Yesterday Robert Zoellick was elected by unanimous vote by the Board of the World Bank to become its next president. He now assumes The Hardest Job in the World, as we called it in a 2005 CGD report to the then-incoming president, Paul Wolfowitz. Mr. Zoellick is an avid reader -- and absorbs ideas and issues like a sponge. This bodes well for the Bank and for Bank staff. Informal meetings he has had with officials around the world, activists, and Bank watchers in Washington's leading think tanks indicate Mr.
CGD Policy Blogs
Yesterday the New York Times profiled Lant Pritchett and sketched his proposal to create 16 million guest-worker jobs in rich countries for people from poor countries. His goal is to help people from very poor places make their lives better.
The G8 summit in Heiligendamm, Germany, this week will focus global attention on African development and broader foreign assistance issues.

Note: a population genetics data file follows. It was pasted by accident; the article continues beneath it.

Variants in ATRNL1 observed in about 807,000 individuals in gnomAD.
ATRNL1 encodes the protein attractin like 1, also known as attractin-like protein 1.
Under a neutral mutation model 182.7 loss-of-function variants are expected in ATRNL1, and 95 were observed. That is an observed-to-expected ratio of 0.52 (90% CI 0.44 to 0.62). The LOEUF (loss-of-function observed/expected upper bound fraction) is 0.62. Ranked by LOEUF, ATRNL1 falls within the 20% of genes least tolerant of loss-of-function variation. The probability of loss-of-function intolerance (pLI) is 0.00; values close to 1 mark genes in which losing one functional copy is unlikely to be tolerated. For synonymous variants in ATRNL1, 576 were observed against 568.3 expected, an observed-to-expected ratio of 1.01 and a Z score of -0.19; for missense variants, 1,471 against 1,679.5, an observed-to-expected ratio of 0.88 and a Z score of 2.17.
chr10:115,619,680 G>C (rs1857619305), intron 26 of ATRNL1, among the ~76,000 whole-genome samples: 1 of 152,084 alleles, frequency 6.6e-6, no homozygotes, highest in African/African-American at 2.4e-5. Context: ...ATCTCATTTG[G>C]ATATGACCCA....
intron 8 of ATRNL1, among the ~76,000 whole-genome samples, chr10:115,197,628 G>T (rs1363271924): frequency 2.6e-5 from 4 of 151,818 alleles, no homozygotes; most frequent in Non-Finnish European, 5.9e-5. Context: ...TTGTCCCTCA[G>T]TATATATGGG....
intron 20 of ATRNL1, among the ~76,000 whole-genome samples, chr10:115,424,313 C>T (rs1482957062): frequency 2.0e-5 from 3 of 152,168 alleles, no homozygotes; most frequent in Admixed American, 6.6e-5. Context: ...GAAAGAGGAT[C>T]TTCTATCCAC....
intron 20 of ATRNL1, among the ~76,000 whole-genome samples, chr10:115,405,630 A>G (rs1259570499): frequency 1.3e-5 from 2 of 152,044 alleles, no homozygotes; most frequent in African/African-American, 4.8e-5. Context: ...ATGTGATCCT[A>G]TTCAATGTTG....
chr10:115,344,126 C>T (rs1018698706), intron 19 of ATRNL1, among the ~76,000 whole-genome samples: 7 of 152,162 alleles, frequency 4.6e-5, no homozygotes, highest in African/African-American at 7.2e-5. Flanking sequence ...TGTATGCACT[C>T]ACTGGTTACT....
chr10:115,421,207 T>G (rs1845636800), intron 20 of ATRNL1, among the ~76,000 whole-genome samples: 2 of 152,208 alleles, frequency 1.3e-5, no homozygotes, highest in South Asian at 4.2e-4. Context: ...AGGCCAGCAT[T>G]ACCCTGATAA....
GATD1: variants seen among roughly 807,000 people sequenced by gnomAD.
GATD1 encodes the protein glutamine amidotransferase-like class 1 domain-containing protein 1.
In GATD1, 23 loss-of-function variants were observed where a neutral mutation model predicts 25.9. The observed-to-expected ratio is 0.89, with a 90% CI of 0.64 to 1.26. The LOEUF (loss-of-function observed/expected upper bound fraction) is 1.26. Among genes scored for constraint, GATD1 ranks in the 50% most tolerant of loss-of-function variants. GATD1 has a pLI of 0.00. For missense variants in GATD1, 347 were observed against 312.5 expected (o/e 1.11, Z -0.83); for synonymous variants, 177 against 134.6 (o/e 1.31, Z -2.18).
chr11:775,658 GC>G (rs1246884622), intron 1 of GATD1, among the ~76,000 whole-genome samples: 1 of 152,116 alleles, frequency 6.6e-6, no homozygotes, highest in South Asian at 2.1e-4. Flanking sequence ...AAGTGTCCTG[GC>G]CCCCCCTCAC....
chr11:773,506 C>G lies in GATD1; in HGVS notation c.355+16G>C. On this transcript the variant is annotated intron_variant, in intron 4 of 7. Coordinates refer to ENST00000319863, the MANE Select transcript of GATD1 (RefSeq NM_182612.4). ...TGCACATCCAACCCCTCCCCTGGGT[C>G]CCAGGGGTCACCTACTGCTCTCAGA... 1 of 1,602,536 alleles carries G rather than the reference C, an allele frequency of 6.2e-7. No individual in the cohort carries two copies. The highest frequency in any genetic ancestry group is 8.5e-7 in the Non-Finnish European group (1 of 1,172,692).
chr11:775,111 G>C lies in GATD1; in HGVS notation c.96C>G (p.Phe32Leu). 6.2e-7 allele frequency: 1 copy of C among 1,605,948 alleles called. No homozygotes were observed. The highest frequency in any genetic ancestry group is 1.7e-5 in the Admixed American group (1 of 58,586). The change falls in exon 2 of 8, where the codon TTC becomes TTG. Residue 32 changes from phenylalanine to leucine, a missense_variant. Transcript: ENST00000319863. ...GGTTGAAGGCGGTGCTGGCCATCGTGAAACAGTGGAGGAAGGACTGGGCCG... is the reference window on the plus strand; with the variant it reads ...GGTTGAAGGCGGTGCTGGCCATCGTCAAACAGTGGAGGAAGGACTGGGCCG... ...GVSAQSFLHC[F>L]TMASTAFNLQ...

The British Conservative party issued a statement today aimed at the upcoming G-8 summit and citing CGD's Commitment to Development Index (CDI). (Coverage in the Guardian is here.) The CDI rates 21 rich countries on how much their foreign aid, trade, and other policies help or hurt people in the developing world.
President Bush's nomination of Robert Zoellick to be the next president of the World Bank has been mostly well-received in U.S. policy circles and by some leading rich and developing countries.